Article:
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Rheumatologists Overestimate Physical Disability
Of Rheumatoid Arthritis Patients Study Finds
July 3, 2007
University of South Florida Health
Science Daily — Rheumatologists substantially overestimate the physical
disability of patients with rheumatoid arthritis – which may lead to
inaccurate evaluations of the patient’s ability to work and need for
lifestyle modifications, a new study found.
Researchers at the University of South Florida College of
Medicine and James A. Haley Veterans’ Hospital found a clear
physician-patient difference in assessment of the patients’ functional
disability. The rheumatologists consistently rated their rheumatoid
arthritis patients’ degree of difficulty in performing activities of
daily living, such as walking, dressing and eating, higher than the
patients themselves. This was particularly true for patients in
advanced stages of the disease. The findings appear in the May 2007
issue of the Journal of Rheumatology.
“We flunked,” said co-first author John D. Carter, MD, assistant
professor of medicine in the USF Division of Rheumatology. “The very
physicians deemed to be experts in rheumatoid arthritis failed to make
the grade when it came to determining their patients’ functional
“This discrepancy is important to correct because patients can rely on
these assessments for their livelihood or other necessities to perform
activities of daily living.”
Rheumatologists are frequently asked to complete functional disability
reports by employers, disability attorneys, insurance companies and
government agencies weighing a person’s eligibility for disability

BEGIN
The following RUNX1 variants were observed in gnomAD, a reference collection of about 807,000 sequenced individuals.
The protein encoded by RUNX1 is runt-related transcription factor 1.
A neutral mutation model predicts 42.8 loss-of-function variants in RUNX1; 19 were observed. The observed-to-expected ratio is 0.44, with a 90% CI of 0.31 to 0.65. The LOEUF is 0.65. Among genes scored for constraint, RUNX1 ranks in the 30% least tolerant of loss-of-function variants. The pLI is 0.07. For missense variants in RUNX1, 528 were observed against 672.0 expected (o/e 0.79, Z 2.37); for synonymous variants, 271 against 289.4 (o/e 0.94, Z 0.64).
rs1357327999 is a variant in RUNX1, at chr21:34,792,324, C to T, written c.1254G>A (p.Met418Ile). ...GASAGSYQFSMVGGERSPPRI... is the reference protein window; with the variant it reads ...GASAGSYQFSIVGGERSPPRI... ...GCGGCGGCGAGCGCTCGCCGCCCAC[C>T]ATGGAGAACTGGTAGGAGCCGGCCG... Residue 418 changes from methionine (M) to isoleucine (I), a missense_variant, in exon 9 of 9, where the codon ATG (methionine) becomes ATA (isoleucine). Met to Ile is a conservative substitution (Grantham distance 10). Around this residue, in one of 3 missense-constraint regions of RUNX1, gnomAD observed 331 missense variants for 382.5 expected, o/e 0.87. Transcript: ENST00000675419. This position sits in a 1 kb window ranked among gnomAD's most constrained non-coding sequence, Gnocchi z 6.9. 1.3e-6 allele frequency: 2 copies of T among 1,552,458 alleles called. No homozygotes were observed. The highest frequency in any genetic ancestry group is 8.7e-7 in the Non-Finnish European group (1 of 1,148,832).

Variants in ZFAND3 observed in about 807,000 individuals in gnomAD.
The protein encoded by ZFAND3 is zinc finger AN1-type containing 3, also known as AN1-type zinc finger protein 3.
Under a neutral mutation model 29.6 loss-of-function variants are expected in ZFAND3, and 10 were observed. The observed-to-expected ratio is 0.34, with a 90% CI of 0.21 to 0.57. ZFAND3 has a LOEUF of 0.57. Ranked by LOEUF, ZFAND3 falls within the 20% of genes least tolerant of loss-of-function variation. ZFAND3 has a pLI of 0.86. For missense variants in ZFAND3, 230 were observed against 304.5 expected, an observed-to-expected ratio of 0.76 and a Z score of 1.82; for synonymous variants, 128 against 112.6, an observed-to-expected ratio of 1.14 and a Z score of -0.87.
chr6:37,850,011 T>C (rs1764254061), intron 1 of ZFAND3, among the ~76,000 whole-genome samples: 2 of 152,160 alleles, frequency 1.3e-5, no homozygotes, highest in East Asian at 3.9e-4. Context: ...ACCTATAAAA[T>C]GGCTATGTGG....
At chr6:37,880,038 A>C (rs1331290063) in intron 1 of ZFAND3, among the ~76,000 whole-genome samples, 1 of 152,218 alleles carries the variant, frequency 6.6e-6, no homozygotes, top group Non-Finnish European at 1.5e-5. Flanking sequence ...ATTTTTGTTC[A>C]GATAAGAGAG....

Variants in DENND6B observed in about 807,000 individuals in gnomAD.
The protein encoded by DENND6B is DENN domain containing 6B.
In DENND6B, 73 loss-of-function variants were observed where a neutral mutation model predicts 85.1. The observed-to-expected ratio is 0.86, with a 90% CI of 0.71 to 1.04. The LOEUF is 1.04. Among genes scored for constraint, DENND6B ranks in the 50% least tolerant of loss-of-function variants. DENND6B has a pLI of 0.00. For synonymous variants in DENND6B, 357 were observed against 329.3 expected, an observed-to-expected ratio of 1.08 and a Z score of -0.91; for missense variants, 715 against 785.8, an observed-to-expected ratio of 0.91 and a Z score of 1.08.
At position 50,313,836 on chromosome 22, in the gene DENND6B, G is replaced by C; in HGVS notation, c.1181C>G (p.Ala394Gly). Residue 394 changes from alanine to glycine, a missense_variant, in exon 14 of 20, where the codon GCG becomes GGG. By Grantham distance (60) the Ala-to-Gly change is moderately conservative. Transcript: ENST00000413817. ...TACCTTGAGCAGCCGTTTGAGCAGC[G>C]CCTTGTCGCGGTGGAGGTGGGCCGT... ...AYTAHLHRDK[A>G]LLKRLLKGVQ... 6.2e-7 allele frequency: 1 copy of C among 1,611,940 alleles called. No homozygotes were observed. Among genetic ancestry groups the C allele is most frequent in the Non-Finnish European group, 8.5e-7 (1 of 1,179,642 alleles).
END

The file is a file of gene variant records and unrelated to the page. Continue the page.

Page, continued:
payments, employment, or assistive devices such as wheelchairs,
walkers, braces and splints.
Using the Stanford Health Assessment Questionnaire-Disability Index
(HAQ-DI), rheumatologists evaluated 223 patients during their regularly
scheduled visits to the USF Rheumatology Clinics and James A. Haley
Veterans’ Hospital. The effectiveness of the HAQ-DI, based on patient
self-reporting of their disability status, has been validated in
clinical studies. The questionnaire covers eight activities of daily
living: dressing, arising, eating, hygiene, walking, reach, grip and
Both physician and patient completed the HAQ-DI independently
immediately following the visit and their respective scores were not
The rheumatologists overestimated the degree of functional disability
in 154, or 69 percent, of the 223 the patients. However, they were
significantly more accurate at determining the degree of physical
limitations in patients with less severe disease.
The reasons for the
unclear, but may include empathy and suggest that even patients with
advanced rheumatoid arthritis adapt their activities to the progression
of the chronic disease, Dr. Carter said. “We tend to associate visible
joint deformities with incapacitated function, but patients may
actually be more capable than we think.”
Rheumatologists typically determine
functional disability based on the patient’s examination and medical
history, but these impressions during routine care are inadequate, Dr.
Carter said. The study points to the need for a formal, standardized
evaluation, such as the HAQ-DI. “It needs to be reimbursable and
include input from physical and occupational therapists who could add
valuable insight to the process of evaluating disability,” he added.
arthritis affects about 2.1 million Americans, or 1 percent of the
population. Over the last decade new drugs have revolutionized the
treatment of this debilitating inflammatory disease, but nearly all
patients with rheumatoid arthritis eventually develop some degree of
work or daily lifestyle disability, often severe.
Other authors of the study were Abdul B.
Lohdi, MD (co-first author); Sonia R. Nagda; Louis Ricca, MD; Colleen
Ward, DO; Erica Traina; Zachary J. Thompson; Yangxin Huang, PhD; Joanne
Valeriano, MD; and Frank B. Vasey, MD.
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